It is important to note that a person born to non-Jewish parents who believes and observes every law and custom of Judaism is still considered a non-Jew until he has undergone the formal process of conversion. Once this process is completed, the individual is held to be as much a “Jew” as one born to Jewish parents. However, a person born to a Jewish mother who is an atheist and never practices the Jewish religion is still a Jew, even in the eyes of the ultra-Orthodox. Likewise, one who is born Jewish and practices Judaism can convert to another religion and still maintain their status as a Jew. In this regard, being a Jew is a matter of race, strictly based on lineage.

But when it comes to Judaism—a religion of thought and culture, and not of race or nationality—being a Jew centers on formal conversion. “Common ancestry is not required to be a Jew. Many Jews worldwide share common ancestry, as shown by genetic research; however, [one] can be a Jew without sharing this common ancestry, for example, by converting.” This is how numerous African-Americans and Asians have become “Jews” (

Branches of Modern Judaism

In modern Judaism, there are three main groups: Orthodox, Reform and Conservative. Several minor groups and subgroups also exist. On the “right” is Orthodox Judaism, which is purely rabbinical and Talmudic in nature. Only Orthodox Jews accept the absolute authority of the Talmud, and generally see themselves as practicing normative Judaism as opposed to being part of a particular movement. Subgroups include the ultra-Orthodox, the so-called “Modern” Orthodox, and various Hasidic movements.

On the “left” is Reform Judaism, a relatively modern movement in which the use of phylacteries has been abandoned, synagogue services have been shortened, and various prayers and rituals considered “useless” have been discarded. Sometimes referred to as Progressive Judaism, the movement originated in Germany as a backlash against Orthodoxy; its goals were to integrate Jews into society and encourage the personal interpretation of the Scriptures.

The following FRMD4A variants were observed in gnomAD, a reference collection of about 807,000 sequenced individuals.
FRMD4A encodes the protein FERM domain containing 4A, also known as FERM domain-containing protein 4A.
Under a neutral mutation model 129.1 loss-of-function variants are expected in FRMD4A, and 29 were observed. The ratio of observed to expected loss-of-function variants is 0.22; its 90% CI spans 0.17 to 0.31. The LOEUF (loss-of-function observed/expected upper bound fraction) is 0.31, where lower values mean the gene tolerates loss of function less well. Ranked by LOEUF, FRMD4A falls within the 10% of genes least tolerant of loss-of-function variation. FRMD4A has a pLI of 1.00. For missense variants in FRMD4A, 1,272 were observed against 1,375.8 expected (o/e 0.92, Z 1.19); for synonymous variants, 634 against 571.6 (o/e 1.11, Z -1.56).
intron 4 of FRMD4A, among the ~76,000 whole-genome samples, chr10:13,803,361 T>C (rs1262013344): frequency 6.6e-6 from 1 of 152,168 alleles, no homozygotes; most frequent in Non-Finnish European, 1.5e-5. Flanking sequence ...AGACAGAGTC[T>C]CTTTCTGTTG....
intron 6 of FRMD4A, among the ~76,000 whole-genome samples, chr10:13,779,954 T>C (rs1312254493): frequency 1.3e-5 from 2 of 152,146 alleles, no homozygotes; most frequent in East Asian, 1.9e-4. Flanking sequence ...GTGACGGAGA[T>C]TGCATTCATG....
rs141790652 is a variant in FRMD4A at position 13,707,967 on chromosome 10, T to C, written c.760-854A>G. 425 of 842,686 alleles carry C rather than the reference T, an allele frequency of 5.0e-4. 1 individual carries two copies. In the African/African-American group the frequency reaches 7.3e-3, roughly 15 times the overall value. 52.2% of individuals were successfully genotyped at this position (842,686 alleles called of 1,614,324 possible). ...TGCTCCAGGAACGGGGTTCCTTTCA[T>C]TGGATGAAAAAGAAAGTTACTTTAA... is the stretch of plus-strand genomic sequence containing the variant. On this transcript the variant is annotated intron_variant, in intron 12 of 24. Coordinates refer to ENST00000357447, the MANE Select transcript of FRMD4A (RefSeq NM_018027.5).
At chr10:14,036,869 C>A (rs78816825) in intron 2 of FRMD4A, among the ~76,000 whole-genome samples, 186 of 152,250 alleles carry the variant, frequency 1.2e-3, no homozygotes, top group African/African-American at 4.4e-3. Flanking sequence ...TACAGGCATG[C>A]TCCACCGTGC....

In the center is Conservative Judaism, which emerged in America as largely a mix of Orthodox and Reform ideals. In theory, the Conservative movement (which is hardly conservative) sought to liberalize elements of Orthodox theology (such as dietary laws) while restoring some of the more traditional practices abandoned by Reform Jews. As opposed to being a narrowly defined school of thought, Conservative Judaism is actually a broad religious movement with a wide range of beliefs and practices—many of which are more liberal than what is acceptable in Orthodoxy, yet more conservative than what is allowed in the Reform movement.

As noted, only Orthodoxy accepts the authority of the Talmud. In Exploring the World of the Jew, John Phillips writes that both the Reform and Conservative movements have “debunked the myth that the Talmud was inspired.” According to Phillips, both movements were ultimately intended to allow Jews to practice a form of “Judaism” in which they could be comfortable in a Gentile world (p. 75). Similarly, Karaite Jews disregard both the Talmud and rabbinic opinion, maintaining that it is the responsibility of each Jew to study the Scriptures for themselves. Unlike other Jewish groups, Karaites determine Jewishness through the paternal line.

According to Hoffman, Judaism is the “religion of Orthodoxy” (p. 142). From their perspective, Orthodox Jews are the sole practitioners of authentic Judaism. Thus, Reform and Conservative Jews do not enjoy the same legal status as do Orthodox Jews in the State of Israel. Hoffman notes that “conversion to Judaism within the Israeli state is only recognized [by the state] if [the conversion rites are] performed by the Orthodox Rabbinate” (p. 141). Thus, conversion to Reform or Conservative Judaism presents an ongoing problem for those wanting to become “Jews” in the Jewish state.

In spite of the rifts caused by the Reform and Conservative movements, the Orthodox and ultra-Orthodox branches of Judaism are currently experiencing renewed growth. According to historian Yaakov Wise of the University of Manchester, Reform Judaism is shrinking in numbers while Orthodox and ultra-Orthodox Jews are increasing. “Ultra-Orthodox British and American Jews are set to outnumber their more secular counterparts by the second half of this century.... [Moreover,] European ultra-Orthodox Jewry is expanding more rapidly than at any time since World War Two. Almost three out of every four British Jewish births are ultra-Orthodox.” If the current trends continue, says Dr. Wise, “profound cultural and political changes” will take place among British and American Jews. According to Wise, the ultra-Orthodox population in America is expected to double every 20 years.

The State of Israel is experiencing similar changes. Wise notes that “by the year 2020, the ultra-Orthodox population of Israel will double to one million, and make up 17 percent of the total population” (Hoffman, p. 142; from “Majority of Jews will be Ultra-Orthodox by 2050”; University of Manchester (England) press release, July 23, 2007).